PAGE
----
October 24, 2023
Charity and disaster scams target well-intentioned people who are looking to give to charitable causes. Thankfully, there are ways you can protect yourself.
Unfortunately, there are some bad apples out there looking to take advantage of others. According to the Federal Trade Commission, consumers lost nearly $8.8 billion to fraud in 2022. That’s billion with a “b.” And, sadly, this issue isn’t going away.
There’s a wide range of scams, with new types surfacing all the time — all with the intention of bilking victims out of their hard-earned money. And while scammers aren’t particularly picky with who they take money from or when they do it, they tend to target the more vulnerable members of society and take advantage of societal problems for their own gain. A perfect example of this: charity and disaster fraud.
Charity and disaster scams appeal to your sense of compassion. The scammer pretends to be from a charity, like the Red Cross, and they say they need your help — more specifically your money — to help save lives.
As sad as it is, when a tragic event takes place, oftentimes fraud follows. A couple of notable examples include:
So how are these fraudsters committing their crimes? In a variety of ways and involving any number of the classic scam strategies such as phishing, spear phishing, threatening, or overcharging.
So, how can you tell what’s real and what’s a scam?
Don’t worry … there are many charitable organizations that are actually trying to help. But how do you donate securely?
Fraudsters will gladly steal money from anyone, no matter your age, income level, education, or any other demographic characteristic. But some could be more at risk in certain situations than others.
There are also specific environmental and emotional factors that may make certain individuals more susceptible than others. According to a 2021 AARP report, there are four main factors that may increase susceptibility to scams:
Changes in environment or stressful situations, such as a natural disaster.
A heightened emotional state, either positive or negative.
Exposure to fraud in the past.
A lack of support systems.
You can see how all four of those previous factors could make someone more vulnerable to fraud. So, how do we protect ourselves?
We’ve talked about how to spot and avoid fraud. But what do you do if you or a loved one discover that you’re a victim?
Unfortunately, fraud can have pretty serious short- and long-term impacts.
Sadly, when disaster occurs, fraudsters typically follow, trying to take advantage of those in their most fragile and emotional state. So knowing what to look for and how to respond is key to avoiding falling victim.
With his eyes set on becoming the next great ad man (at least until his comedy writing career took off), Marc earned his journalism degree and went straight into advertising for various gaming and tourism clients. He later expanded his credentials to include public affairs and communications work for several environmental science organizations before returning to his marketing roots. A lifelong scholar with recent studies in strategic communication, Marc enjoys tying humor into his writing and simplifying complex financial subjects into engaging and easy-to-digest content for a wide variety of audiences.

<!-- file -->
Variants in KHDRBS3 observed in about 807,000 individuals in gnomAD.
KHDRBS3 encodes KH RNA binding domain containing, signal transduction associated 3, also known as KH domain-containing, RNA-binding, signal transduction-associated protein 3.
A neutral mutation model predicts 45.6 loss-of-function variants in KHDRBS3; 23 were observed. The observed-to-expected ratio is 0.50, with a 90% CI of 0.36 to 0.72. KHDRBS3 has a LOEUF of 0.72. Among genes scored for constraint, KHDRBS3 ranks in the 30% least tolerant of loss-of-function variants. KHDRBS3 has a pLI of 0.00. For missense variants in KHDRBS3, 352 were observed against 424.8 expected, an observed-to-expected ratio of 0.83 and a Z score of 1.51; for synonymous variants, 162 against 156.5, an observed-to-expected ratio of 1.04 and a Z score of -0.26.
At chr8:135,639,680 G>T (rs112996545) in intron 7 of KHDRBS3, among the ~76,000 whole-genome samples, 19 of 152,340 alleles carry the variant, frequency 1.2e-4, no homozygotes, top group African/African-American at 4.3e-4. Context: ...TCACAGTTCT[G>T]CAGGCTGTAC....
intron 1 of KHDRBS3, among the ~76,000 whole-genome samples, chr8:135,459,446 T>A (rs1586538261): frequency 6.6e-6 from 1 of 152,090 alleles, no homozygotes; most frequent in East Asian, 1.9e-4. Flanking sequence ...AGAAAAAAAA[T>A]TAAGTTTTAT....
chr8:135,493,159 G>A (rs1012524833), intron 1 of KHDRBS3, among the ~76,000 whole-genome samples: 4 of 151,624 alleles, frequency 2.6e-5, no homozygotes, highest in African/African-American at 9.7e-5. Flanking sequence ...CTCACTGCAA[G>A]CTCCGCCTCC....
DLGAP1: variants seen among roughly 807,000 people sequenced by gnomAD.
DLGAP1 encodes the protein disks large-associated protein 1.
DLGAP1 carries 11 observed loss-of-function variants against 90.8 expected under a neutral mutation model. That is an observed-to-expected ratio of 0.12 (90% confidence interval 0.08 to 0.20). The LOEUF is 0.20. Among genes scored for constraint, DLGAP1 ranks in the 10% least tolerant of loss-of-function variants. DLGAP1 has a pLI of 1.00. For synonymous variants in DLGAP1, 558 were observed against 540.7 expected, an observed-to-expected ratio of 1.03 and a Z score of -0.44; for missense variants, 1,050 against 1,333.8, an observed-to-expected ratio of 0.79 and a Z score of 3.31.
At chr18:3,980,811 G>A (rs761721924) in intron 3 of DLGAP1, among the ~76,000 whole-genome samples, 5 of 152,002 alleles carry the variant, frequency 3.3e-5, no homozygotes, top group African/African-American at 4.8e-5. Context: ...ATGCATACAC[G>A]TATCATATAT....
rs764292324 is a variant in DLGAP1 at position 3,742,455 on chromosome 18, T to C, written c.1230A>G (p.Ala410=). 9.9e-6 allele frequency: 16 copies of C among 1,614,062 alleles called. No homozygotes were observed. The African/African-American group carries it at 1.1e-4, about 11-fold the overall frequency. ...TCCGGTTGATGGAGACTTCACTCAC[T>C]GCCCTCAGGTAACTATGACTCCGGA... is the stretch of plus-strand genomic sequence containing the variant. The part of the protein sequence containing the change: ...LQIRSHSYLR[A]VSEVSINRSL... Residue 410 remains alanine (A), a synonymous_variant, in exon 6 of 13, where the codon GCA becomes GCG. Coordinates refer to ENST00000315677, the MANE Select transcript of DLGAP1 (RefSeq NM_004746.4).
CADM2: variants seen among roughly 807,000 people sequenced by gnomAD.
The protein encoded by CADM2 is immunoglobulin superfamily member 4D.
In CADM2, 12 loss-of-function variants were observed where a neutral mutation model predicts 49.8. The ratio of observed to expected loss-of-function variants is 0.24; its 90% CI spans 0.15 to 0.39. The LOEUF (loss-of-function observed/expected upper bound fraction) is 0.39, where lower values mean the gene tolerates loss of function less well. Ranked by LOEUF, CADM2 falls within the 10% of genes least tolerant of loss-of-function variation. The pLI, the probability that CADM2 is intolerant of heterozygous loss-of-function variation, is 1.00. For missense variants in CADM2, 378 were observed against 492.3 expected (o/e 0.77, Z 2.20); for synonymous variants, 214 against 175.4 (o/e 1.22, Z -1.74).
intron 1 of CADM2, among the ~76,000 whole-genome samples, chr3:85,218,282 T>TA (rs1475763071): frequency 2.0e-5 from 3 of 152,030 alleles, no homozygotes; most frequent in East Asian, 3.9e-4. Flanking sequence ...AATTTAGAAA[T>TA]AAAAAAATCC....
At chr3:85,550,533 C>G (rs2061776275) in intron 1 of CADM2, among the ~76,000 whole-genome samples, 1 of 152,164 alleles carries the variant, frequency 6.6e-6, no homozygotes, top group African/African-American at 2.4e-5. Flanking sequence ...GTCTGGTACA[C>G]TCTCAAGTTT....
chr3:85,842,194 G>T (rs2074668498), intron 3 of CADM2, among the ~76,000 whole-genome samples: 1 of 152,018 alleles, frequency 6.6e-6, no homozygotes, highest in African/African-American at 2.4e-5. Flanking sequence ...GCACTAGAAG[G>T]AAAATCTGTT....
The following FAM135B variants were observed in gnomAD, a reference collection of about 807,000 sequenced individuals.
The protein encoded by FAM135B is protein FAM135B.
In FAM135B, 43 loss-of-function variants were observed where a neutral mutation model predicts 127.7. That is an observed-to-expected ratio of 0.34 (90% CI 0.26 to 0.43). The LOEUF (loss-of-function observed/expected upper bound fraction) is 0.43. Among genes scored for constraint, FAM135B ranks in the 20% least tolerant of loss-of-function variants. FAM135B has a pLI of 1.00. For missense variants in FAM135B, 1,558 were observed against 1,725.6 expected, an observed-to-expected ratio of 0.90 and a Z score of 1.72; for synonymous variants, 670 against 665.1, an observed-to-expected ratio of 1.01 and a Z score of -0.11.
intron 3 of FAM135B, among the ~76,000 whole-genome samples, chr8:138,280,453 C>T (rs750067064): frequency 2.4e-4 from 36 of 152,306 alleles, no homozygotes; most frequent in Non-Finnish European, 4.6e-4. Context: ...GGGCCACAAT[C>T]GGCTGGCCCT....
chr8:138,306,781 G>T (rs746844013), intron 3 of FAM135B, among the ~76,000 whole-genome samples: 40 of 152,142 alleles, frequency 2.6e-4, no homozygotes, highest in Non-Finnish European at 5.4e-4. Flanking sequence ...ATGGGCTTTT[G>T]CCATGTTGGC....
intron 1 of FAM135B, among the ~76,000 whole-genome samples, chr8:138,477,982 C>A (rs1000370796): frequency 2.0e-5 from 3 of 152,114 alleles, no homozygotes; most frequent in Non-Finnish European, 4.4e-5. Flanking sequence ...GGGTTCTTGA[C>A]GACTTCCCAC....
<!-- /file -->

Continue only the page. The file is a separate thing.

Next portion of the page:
This material is for informational purposes only and is not intended to replace the advice of a qualified tax advisor, attorney or financial advisor. Readers should consult with their own tax advisor, attorney or financial advisor with regard to their personal situations.
One of the many benefits credit cards offer is convenience. While they’re primarily known for the convenience they offer in purchasing and getting things, did you know they can also be extremely convenient for giving?
If you’re worried that someone might steal your identity, you may be thinking about signing up for identity theft protection. But, while “protection” might be in the description of these services, they don’t necessarily “protect” you from identity theft. Rather, they are monitoring services that keep an eye out for signs your personal information may have been compromised and identity thieves may be trying to use your information. Some companies also offer recovery services designed to help you deal with the repercussions of having your identity stolen.
When you have a credit card, you’re unfortunately attractive to thieves and other scammers. New schemes are surfacing all the time, and the ones that work best (meaning, the ones that bilk the most victims out of their hard-earned money) are the ones that keep making the rounds.